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Semester work.


Exercise: Monitor power supply voltage.

Soubor:Example2.jpg

While apparently being a very simple task, measuring the voltage of the power supply of your micro-controller can be very important and critical, specially for battery powered applications.

There are many ways to monitor the battery voltage level, many of them propose to add some external components. This solution don't need any external components, for all the AVR micro controllers that have an internal ADC.

MController type: ATMEGA48. (it'll also work on ATMEGA88,ATMEGA168,ATMEGA368)


Schematic: Soubor:Example.jpg

We are using 3 NiCad batteries for controller supply. Voltage with fully charged batteries is 4.2 V. It is necessary to built in LED diode (Port PB0)to show us that voltage is lower than 3.2 V.

So, to solve this problem, without adding any external component,s AVR micro controller has a very useful feature called “internal band gap reference voltage”. The band gap reference is a voltage of about 1.1V, which remains constant, even if the Vcc voltage of the micro controller changes. The B.G. (Band Gap) Voltage can be fed to the ADC like any other external voltage, except it can be done 100% programmatically, that is, with out any external connections.

First, let’s take a look at the logic. If we look at it from a mathematical point of view, we will surely understand the problem. In general, the relation between measured voltage and Digital converted value for an 8-bit ADC is as follows:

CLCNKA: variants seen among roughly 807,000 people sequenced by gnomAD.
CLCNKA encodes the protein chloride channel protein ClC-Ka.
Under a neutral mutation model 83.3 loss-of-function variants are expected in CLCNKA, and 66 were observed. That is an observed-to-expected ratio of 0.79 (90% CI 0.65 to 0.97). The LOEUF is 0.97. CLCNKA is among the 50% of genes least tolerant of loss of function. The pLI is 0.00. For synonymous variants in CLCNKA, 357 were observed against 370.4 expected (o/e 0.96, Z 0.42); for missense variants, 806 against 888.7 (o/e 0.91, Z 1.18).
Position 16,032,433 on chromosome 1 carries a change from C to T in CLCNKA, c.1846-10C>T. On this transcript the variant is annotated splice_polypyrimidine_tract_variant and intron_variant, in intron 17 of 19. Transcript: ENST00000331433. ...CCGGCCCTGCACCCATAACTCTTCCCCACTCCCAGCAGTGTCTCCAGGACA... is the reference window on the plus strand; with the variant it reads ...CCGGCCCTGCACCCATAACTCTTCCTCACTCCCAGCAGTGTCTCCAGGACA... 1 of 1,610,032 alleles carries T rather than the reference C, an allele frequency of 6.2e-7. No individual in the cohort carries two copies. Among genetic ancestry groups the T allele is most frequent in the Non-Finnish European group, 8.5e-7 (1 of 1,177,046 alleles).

ADC_VALUE = V_measure * 255/V_REF

ADC_VALUE = V_BG * 255/V_REF - using B.G.

Vcc = 1.1 * 255/ADC_VALUE - because we know that B.G. is 1.1

There are some reasons why Band Gap based program will not work in 99% of the cases, there is one symptom and one solution: code needs some calibration in order to function correctly. The Band Gap voltage can be different from a component to another, especially if they do not come from the same batch (of 1.2V and other of 1.01V.)

So, If the Vcc that is calculated from the code above is not correct, here is what to do: Measure Vcc with a volt meter, and using this equation, knowing the value of “ADC_VALUE”, retrieve the value of V_BG:

ADC_VALUE = V_BG * 255/Vcc

Then simply replace the “1.1″ band gap voltage with the one that was calculated.


Listing:

'#'include <avr\io.h>

'#'include <avr\interrupt.h>

// Global variables

float vcc;//variable to hold the value of Vcc

void setup_adc(void) {

   ADMUX = 0xE; //Set the Band Gap voltage as the ADC input
   ADCSRA = (1<<ADEN)|(1<<ADATE)|(1<<ADIE)|(1<<ADSC)|5;

}

ISR(ADC_vect) //ADC End of Conversion interrupt

{ unsigned char adc_data;

adc_data = ADC>>2; //read 8 bit value

vcc = 1.1 * 255 / adc_data; }

// *********************************************************** // Main program // ***********************************************************

int main(void) {

   DDRB = DDRB | (1<<PB0); //set PB0 as output (for the LED).
   sei(); //Activate interrupts
   setup_adc(); //setup the ADC
   while(1) { // Infinite loop
       if (vcc < 3.2)
       {
           PORTB |= (1<<PB0);
       }
       else
       {
           PORTB &= ~(1<<PB0);
       }
   }

}

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